I’ve never taken on a year-long writing challenge. I’ve done numerous month-long challenges, and I’ve successfully completed several NaNoWriMo novels. And I always learn the same thing from each challenge: when I push myself to write more and to write regularly, my writing improves. In each case, I feel as if my brain became more attuned to writing. Ideas flowed more easily because my brain settled into its “writer” space — and I didn’t give it time to slip out.

This shouldn’t be a surprise. After all, it’s what I told my students every year that I was a writing teacher. I believed it then. I knew it then. It’s interesting to find how easily — and repeatedly — I have let myself forget it when it comes to my own work.

I imagine this essay challenge having a similar effect. While the essays themselves may not be spectacular, what they will do to my writing muscles will be. So, as my title proclaims, I’m getting ready, prepping for battle. I’ve started brainstorming a list of possible essays topics. The list is all over the place … which will certainly keep things varied. Some of the items on that brainstorm list are already scaring the crap out of me … I think that means one of them needs to be the first essay I take on. Something about diving into fear seems like the right way to get started.

Certainly it’s possible that I’ll manage to get one essay posted in Week One … and then fall by the wayside for the rest of the year. But that seems unlikely — if only because I have called myself out loudly and proudly with my announcement graphic!

I’m afraid of this challenge, but I’m excited for it, too!

#52essays2017

Yes, my title is an homage. And the challenge is an Everest-sized mountain I’ll attempt to scale this coming year. Wish me luck, folks, wish me luck!

Would you like to take on this challenge, too? I’ve been inspired this past year by the powerful work of my friend Vanessa. Just as I was thinking, “Oh, maybe I’ll take a cue from V and write an essay a month in 2017,” she posted a challenge invite, and I couldn’t resist joining. Check out the details.

And I made this announcement image on canva.com!


So, it’s a Tuesday. That means it’s a Slice of Life day! Click over to Two Writing Teachers to see what’s up with the other slicers!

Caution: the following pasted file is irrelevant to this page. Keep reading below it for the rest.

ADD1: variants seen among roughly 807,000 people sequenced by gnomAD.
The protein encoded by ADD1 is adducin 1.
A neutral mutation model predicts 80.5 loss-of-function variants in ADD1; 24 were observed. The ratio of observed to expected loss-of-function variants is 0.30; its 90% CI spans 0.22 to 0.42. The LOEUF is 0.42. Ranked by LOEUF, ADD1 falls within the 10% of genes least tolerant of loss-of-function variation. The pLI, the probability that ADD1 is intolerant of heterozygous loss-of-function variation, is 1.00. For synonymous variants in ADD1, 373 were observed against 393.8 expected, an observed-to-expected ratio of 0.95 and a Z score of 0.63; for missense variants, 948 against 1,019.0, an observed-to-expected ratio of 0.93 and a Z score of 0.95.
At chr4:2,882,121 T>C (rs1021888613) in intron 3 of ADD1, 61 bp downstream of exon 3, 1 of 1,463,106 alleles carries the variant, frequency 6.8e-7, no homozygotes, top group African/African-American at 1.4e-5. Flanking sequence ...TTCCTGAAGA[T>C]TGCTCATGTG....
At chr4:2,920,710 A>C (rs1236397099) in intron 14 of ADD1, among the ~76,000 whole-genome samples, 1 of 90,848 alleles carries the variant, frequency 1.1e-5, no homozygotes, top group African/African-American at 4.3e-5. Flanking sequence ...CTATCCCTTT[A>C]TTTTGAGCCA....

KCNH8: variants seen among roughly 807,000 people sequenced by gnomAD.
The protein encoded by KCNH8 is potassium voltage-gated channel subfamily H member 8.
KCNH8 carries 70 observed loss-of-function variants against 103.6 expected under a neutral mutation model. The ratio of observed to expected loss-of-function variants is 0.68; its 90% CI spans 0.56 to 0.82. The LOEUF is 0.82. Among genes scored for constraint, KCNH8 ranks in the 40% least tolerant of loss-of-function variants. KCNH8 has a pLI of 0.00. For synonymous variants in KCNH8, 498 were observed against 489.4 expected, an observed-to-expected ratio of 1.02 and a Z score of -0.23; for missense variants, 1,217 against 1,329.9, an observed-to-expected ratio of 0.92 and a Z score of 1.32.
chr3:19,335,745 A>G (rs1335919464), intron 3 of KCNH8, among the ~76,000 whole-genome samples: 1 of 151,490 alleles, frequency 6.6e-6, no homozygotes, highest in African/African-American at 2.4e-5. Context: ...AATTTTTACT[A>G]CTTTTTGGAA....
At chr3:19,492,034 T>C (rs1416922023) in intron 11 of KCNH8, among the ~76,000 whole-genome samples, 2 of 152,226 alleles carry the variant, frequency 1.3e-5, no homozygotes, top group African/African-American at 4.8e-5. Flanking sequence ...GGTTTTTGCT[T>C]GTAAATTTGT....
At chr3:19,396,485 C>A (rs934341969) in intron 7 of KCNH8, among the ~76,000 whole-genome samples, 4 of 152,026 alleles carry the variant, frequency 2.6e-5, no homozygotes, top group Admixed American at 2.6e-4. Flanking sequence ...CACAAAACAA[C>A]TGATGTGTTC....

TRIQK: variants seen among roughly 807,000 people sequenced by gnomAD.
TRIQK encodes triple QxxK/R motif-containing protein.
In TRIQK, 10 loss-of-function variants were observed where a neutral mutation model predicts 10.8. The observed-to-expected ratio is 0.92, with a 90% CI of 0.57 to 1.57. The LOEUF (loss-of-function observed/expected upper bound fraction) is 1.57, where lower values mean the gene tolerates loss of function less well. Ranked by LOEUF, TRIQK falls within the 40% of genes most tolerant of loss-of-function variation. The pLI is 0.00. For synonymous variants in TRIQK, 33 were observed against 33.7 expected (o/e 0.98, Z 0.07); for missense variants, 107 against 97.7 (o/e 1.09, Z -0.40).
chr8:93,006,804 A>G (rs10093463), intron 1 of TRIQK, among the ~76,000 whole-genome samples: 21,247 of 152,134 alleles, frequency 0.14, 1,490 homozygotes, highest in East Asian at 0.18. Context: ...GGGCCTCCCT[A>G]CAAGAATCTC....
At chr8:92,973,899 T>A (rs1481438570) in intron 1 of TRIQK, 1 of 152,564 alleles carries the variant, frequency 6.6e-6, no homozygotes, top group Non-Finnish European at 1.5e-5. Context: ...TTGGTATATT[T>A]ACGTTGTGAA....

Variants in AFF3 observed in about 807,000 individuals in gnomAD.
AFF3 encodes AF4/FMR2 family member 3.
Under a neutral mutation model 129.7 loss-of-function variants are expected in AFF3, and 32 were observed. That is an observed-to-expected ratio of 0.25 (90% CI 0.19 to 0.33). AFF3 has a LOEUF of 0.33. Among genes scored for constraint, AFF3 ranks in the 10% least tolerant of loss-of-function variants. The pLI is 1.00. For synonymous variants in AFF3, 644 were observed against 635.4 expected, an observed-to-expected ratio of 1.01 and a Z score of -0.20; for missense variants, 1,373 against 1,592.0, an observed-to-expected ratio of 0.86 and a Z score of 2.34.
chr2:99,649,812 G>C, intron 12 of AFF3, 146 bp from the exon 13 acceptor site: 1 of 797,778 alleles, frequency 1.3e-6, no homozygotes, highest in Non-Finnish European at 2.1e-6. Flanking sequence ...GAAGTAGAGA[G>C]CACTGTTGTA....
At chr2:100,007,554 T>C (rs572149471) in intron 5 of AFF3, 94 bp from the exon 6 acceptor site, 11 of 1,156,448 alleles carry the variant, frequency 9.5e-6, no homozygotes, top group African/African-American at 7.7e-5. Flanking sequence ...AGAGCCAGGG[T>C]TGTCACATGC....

In honor of 2017 being the 10th year of the Slice of Life Story Challenge, and in honor of the fact that I’ve participated since the first year of the challenge, Stacey (one of the creators of the challenge) made me my very own Slicer badge!

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In which my title really doesn’t make any sense but is, instead, a lame attempt at a pun.

I was in a waiting room today. A doctor’s office waiting room. With lots of magazines, but also lots of books. There’s a shelf full of a rotating collection of random reading material. Today, I saw a book called Ageism and picked it up, not because I had any intention of reading about ageism, but because I thought it would make a good text for me to try another erasure poem. That’s right. I haven’t let this go yet. Wanted to give it a try using the directions for a change. So, while I waited to be called for my appointment, I poked through a couple of pages and picked out some words and phrases. Here’s the result:

Undiminished 

Implicit stereotypes are probably
Not diminished
If anything
The process of bias seems reasonable
Automatic assumptions strengthen
Following unpleasant words
Suggested in context
Regardless of evidence.

Attitudes
Not fully addressed
Join visible markers
Common discourse
Discriminatory language, comments, judgement
All context
Regardless of evidence.

Okay. I can see the value of following the instructions for how to “find” one of these poems. This one actually makes sense, unlike the ones I wrote when I was only getting a piece of the instructions right. (Somewhere, my sister Fox is shaking her head in despair, wondering when her family will ever learn to read directions before starting.)

And now that I’ve followed the rules … I may be done. We’ll see. This did give me some things to think about, however. The words, “the process of bias” practically leapt off the page at me. The process of bias. Yeah. I want to sit with that a while. Last weekend, my writers’ group critiqued the new script I’m working on for Adventures in Racism, and I’ve been thinking about the question I’m grappling with in that comic — how children learn prejudice and whether or how they can unlearn it. The process of bias. Yes. So much to think about here. Maybe this is the path I’ve been dumbly and divinely stumbling along through this whole erasure poem process … keep futzing around until I get back to Adventures, until my mind refocuses on my work.